Halle Berry attending Variety's Power of Women at the Beverly Wilshire Hotel, Beverly Hills in the legendary Galaxy dress designed by Roland Mouret. Halle Berry attending Variety's Power of Women at the Beverly Wilshire Hotel, Beverly Hills in the legendary Galaxy dress designed by Roland Mouret.

Branded a “prolific flatterer,” Roland Mouret has fittingly made a career out of flattering figures.

A self-made fashion designer in the truest sense, the native of Lourdes, France has proven himself a style superstar multiple times over. The son of a butcher, he left home at 18 to seek his fortune in Paris. There he met Jean Paul Gaultier, who asked him to work on the prestigious brand’s in-progress menswear show.

This first breakthrough was followed by many more. The most earth shaking came with the legendary Galaxy dress in 2005. (Above, Halle Berry can be seen in the cap sleeved masterpiece.) The popularity of the piece was overwhelming. Roland has been called a “prolific flatterer,” so it’s only appropriate that this most famous creation of his was most notable for its universally flattering design. It was hailed as the dress of the season, then the dress of the year, then the dress of the decade.

The Galaxy dress phenomenon would have dwarfed the career of a mediocre designer, obliterating all their other accomplishments. Not so, in Mouret’s case. Each of his creations is imprinted with an unmistakable signature. Crisp, playfully geometrical, and irresistibly drapey, their defining feature is frequently a delicate, origami-like folding. Each one is understated yet sexy, and above all, wearable.

This is what kept Mouret afloat after he had a falling out with his business partners in November 2005, shortly after the release of the Galaxy dress. It transpired that the contract he had signed left him with nothing — not even the legal right to use his own name commercially. His response was to take a two year hiatus from fashion.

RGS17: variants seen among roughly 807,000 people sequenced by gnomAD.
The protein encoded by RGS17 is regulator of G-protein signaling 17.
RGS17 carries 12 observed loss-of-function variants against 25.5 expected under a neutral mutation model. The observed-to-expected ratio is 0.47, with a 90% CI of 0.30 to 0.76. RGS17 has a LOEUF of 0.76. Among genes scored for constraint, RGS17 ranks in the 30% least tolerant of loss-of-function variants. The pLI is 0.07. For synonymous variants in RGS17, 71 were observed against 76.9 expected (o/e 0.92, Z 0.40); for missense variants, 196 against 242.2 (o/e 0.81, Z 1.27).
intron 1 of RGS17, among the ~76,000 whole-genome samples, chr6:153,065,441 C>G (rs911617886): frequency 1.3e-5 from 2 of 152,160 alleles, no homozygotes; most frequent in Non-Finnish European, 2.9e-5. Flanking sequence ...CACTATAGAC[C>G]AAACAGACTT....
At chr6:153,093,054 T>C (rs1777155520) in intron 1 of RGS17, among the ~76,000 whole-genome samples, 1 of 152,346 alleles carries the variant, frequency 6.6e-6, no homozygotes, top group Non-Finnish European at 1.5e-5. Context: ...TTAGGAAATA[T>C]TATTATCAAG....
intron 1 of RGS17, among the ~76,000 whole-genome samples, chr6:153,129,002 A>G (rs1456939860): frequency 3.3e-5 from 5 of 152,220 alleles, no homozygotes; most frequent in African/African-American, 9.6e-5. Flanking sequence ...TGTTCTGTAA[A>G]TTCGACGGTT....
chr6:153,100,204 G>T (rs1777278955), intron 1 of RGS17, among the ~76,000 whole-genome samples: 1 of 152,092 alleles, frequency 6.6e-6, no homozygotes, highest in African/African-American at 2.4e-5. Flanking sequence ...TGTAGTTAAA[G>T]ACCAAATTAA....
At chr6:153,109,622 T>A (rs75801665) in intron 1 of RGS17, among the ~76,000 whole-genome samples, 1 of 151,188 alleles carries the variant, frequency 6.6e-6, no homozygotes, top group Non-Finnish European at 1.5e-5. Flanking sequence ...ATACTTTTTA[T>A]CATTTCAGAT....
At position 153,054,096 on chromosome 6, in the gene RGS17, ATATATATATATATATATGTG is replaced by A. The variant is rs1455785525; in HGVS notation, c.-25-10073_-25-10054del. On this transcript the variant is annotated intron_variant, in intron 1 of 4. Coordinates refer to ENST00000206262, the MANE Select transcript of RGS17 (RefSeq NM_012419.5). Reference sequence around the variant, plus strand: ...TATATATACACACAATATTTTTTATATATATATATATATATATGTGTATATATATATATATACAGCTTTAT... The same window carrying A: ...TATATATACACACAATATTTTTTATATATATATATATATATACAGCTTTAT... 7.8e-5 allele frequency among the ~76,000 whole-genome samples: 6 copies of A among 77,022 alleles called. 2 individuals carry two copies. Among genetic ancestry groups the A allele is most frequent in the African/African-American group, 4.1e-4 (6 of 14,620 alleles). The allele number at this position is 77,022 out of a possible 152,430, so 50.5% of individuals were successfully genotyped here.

The reboot came through Victoria Beckham, of all people. A client of Mouret’s and later his protege when she went into fashion design herself, she encouraged him to partner with her manager, Simon Fuller. Called RM to avoid legal conflicts, the new brand rose from the ashes of the first. The pseudonym didn’t fool anyone. It was clear that these designs could be none other than Roland Mouret’s, and they were enthusiastically embraced by the style savvy.

Mouret is one of those rare designers gifted with an uncanny ability to divine exactly what women want out of a garment, without them even knowing they want it. Aside from this great strength, there is also his talent for keeping on top of trends. Triangle cut outs, off shoulder pieces, and cut out shoulders were three of the biggest trends of the last year and Mouret was at the vanguard of each. He was also ahead of the curve with the see-now buy-now movement, making his first RM collection of “easy chic” dresses available for purchase online the day after the July 4, 2007 show.

An incontrovertible master of fashion, the periods of trial in Mouret’s career only cemented his success in the long run. Asked if he ever worried whether his career could survive, the designer’s answer was definitive: “No. I knew I was going to come back. Always. Even without a name.” — jas